Forget Engagement, You Need to Entangle Your Employees

Employee engagement is one key to a successful organization, but according to Ray Benedetto and Molly Meyer, simple engagement may not be enough for organizations going forward. Benedetto and Meyer suggest companies create an environment that "entangles" their workers.

"Our research revealed several companies where employees possess strong emotional attachments that have led to remarkable results and exceptional performance," said Benedetto, a marketing professional, and Meyer, his co-author of the new book "It’s My Company Too! How Entangled Companies Move Beyond Employee Engagement for Remarkable Results" (Greenleaf Book Group Press)."Employees in these companies are more than engaged, they are entangled — where the drive for positive employee-company dedication and commitment run constantly at the deepest levels, resulting in a sustainable competitive advantage for each company."

To help improve engagement and foster entanglement within an organization, Benedetto and Meyer suggests following these examples from companies that already benefit from deep employee engagement:

  • Having leaders who do extraordinary things: The primacy of senior visionary ―thetransformative leaders who shape a performance-excellence culture ―is evident in entangled cultures.  Transformative leadership operates at all levels within these entangled cultures. Everyone has leadership responsibilities because of the ability to influence the actions of others through one’s behaviors.
  • Building an ethical organization: Entangled organizations have explicit core values such as respect, trust, ethical conduct, and caring that extend to all stakeholders.  Daily actions reflect a meaningful pronouncement of what each organization holds dear.  Trust between suppliers and customers grows each time an obligation is met and a promise is kept.
  • Focusing all the human capital: Entangled employees create world-class organizations through shared visions requiring cross-functional teamwork and elevated thinking about potential solutions.  Setting and holding to cascading performance metrics — linking individual actions plans with strategic and operational goals — is a critical element for achieving unit and company success.
  • Using processes to guide performance: The first step for understanding any organization is defining the key processes that deliver value to customers.  Entangled organizations manage and improve these processes constantly.  Process improvement stems from the alignment of human capital within each process.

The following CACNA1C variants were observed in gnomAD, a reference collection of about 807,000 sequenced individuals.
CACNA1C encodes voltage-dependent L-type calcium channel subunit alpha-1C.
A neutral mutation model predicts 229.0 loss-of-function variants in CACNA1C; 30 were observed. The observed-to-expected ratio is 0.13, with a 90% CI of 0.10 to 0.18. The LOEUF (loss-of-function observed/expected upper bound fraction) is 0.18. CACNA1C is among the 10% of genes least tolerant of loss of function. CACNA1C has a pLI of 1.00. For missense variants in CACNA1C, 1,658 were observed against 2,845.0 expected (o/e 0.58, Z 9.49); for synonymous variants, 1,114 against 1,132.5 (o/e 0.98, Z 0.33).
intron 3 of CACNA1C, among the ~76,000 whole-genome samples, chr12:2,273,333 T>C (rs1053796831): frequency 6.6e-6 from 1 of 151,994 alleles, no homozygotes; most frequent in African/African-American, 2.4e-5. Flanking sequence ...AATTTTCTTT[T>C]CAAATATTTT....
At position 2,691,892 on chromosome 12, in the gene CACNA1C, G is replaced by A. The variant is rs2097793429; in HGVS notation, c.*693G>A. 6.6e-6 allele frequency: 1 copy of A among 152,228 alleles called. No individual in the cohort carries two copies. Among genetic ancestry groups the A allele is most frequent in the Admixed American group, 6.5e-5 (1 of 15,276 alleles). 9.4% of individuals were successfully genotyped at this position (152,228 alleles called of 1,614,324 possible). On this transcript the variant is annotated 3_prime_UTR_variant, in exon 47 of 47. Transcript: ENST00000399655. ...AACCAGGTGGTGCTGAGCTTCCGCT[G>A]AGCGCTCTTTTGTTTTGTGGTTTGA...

• Increasing individual self-efficacy: Leaders within entangled cultures focus first on the individual, building on a set of core values that respect the dignity of each person.  Leaders must support the will to excel, which begins with building trust.  Leaders must develop self-confidence and esteem through personal example and constant encouragement.
  • Giving freedom and responsibilitywithin a culture of discipline: Freedom to operate begins with clear definitions of each employee’s role and performance expectations, which help to define one’s area of responsibility.  Discipline relates to appropriate conduct in any situation, which relates to core values and desired behaviors. Freedom also means deciding how best to reach one’s goals while helping one’s organization excel.
  • Hardwiring discretionary thinking and actions: Entangled companies create the structures and behaviors that result in high employee commitment.  Readily identifying errors, conducting post-mortems after every event, and fostering open discussions that lead to continuous improvements reinforce and encourage discretionary thinking.
  • Guiding the transformation process to remarkable results: Creating an entangled, world-class company requires progressive and continual improvement guided by management expert  John Kotter’s eight-step model for major change.  Building self-efficacy and discretionary thinking requires pervasive trust rooted in relationships between and among stakeholders.

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